Running OpenNTF Domino API code directly from Eclipse

I’ve seen some requests in the last few days for the OpenNTF Domino API to support DIIOP sessions because people want to run their code directly from Eclipse. I’m afraid I have some bad news: it would be literally twice as much work for us to support DIIOP sessions at this point, because they are based on an entirely separate package from what we have worked on. Because we see so little DIIOP use in real world scenarios, we really aren’t motivated at this point to go through all that trouble.

Fortunately, what I can do is show you how to run your code directly from Eclipse using the normal local executable approach. It’s quite simple to do, it’s much faster, and it more closely mirrors what your code is likely to do in real world deployments. This is how I do all my scratch testing of the API, and it’s cumulatively saved me weeks of setup and teardown time for tests over the last couple of years.

First, start with a class that implements Runnable and has a static main(). I’ve attached a very simple example below…


import lotus.domino.NotesFactory;
import org.openntf.domino.Database;
import org.openntf.domino.Session;
import org.openntf.domino.thread.DominoThread;
import org.openntf.domino.utils.Factory;
public class DominoRunnable implements Runnable {
public static void main(String[] args) {
DominoThread thread = new DominoThread(new DominoRunnable(), "My thread");
thread.start();
}
public DominoRunnable() {
// whatever you might want to do in your constructor, but stay away from Domino objects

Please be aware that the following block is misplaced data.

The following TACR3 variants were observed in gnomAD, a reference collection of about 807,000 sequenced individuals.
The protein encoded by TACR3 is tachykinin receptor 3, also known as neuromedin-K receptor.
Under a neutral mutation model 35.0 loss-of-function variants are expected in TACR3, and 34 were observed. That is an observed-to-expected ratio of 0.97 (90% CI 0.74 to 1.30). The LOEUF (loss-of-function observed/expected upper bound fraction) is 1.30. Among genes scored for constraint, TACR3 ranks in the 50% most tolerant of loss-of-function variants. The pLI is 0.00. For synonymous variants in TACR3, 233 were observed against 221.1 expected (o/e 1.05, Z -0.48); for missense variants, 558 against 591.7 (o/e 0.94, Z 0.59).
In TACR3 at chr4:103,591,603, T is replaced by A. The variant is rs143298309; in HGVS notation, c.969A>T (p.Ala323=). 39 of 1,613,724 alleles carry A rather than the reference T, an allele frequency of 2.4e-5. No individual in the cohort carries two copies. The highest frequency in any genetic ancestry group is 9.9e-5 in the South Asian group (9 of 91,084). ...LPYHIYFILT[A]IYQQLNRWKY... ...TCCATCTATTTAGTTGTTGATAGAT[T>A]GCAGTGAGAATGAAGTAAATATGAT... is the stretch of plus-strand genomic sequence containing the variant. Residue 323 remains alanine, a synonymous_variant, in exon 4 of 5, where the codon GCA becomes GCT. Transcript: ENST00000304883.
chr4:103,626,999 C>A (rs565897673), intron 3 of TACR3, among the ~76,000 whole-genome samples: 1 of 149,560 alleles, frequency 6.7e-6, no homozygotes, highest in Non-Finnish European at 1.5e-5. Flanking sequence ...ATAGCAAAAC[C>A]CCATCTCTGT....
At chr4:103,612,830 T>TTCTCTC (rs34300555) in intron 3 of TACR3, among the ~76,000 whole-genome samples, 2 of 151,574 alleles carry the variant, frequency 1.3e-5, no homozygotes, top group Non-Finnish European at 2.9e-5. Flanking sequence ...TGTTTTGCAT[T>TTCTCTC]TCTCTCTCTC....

}
@Override
public void run() {
try {
Session session = Factory.fromLotus(NotesFactory.createSession(), Session.class, null);
Database db = session.getDatabase("", "names.nsf");
// whatever you're gonna do, do it fast!
} catch (Throwable t) {
t.printStackTrace();
}
}
}

Once you’ve created your class, you need an Eclipse run configuration to execute it. Start by selecting the Run menu…
EclipseRun1
When you get the Run Configurations dialog, you can click on the new icon in the upper left. Give your configuration a name, and select the Project and class file…
EclipseRun2
On the Arguments tab, you can add JVM arguments. This is a great place to try out stuff like alternative GC strategies or set other system properties.

Notice on the bottom you want to set a working directory. I have an environment variable defined for my Domino program directory, but you can also put in an explicit path…
EclipseRun3

Next you’ll need to set your JRE. If you have a typical Eclipse set up, this will be the key part because you *don’t* want to run with the Oracle JVM. You want to run your test class with the IBM J9 JVM from a local Notes or Domino installation. Whichever one you point to, make sure you’ve put the org.openntf.domino.jar into the jvm/lib/ext folder so that it will auto-load the library.
EclipseRun4

If you haven’t already defined a J9 JRE in Eclipse, you can do so directly from here. Just add a new JRE and point it to the correct install path. Or you can use the XPages SDK for Eclipse to automatically configure it for you.